big bike is on it's 3rd set of batteries at 600 each. it is used daily and often.

little bike is still on first battery and with the "turbo" boost button I have on it, it can keep up with the big bike.

they had rules here for a while about licenses and registration and insurance ......that has all gone..... as long as you have paid  (200rmb) for "insurance" you can drive the bikes.

once in a while they have a "blitz" on helmuts, or a "blitz" on driving on the proper side of the road. nobody really cares, except, I guees the idiots that do get caught., and they do get some income from their blitzes.

I think the e-bikes are a great means of transportation.

for you, 6 months and 2200 rmb , small potatoes...  do it....   I have a kaiqi and a luayun

http://en.tailg.com.cn/news_list.html

it has been 3.5 years here with the bikes I do not like my bike at home (gated place) wife thinks I am nuts, I do lock it everywhere else ..

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1 year 41 weeks ago
 
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ok...i have had ebikes for the past four years.. that being said, my current one for the past three years with 16,000 kms. ebikes are the best!  i have motorcyles too

everytime i visit a city i wish i had one to explore, see 1000 times more things than walking!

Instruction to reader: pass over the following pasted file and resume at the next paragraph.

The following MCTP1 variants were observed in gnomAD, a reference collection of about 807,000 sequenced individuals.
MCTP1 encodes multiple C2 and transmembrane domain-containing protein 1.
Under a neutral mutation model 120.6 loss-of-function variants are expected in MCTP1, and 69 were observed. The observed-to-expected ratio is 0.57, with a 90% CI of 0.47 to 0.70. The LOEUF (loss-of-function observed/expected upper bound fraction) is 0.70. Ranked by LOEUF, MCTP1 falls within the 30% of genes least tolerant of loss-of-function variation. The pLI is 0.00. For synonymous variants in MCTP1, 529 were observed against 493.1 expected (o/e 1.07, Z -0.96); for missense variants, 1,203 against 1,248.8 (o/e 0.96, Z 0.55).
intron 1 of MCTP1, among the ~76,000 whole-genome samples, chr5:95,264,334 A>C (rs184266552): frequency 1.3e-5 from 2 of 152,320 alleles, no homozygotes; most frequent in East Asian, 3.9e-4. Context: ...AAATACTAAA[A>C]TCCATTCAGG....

CAN'T LIVE WITHOUT IT     CONVENIENT

--quiet and always full of energy in the morning

--cheap for what you get

--batteries will last a long time and depends how many days a year you drive

--they are safer than a bicycle if you fall because you are closer to the ground (i have ridden bicycles my whole life)

IF YOU BUY ONE

--only buy new, becareful because they can cheat you by giving fewer batteries

--dont buy a small wheel one, narrow tires, they are more likely to slip on wet

--never quick charge, it will kill the battieres very quickly

--always get a discount or leave, shop around first until you think you know the price

--if while driving it just stops, or wont start, there is a switch under the seat that clicks off frequently and is very cheap to replace and break frequently.

--there is no such place as completely safe to park, but dont park near the roadside where it can be easily put into a van. at night batteries can be stolen.

--change the headlight bulb for an LED bulb, burns less energy and brighter cheap

--get one with a box on the back for grocery and helmet storage for walking about

--always wear a helmet

--never hit anyone

--get a local license plate if required, ive never bought insurance or was required on an ebike because its considered a bicycle. my motos im required to have insurance.

--usually pay 30 kuai a month to rechage as a numbered plug outlet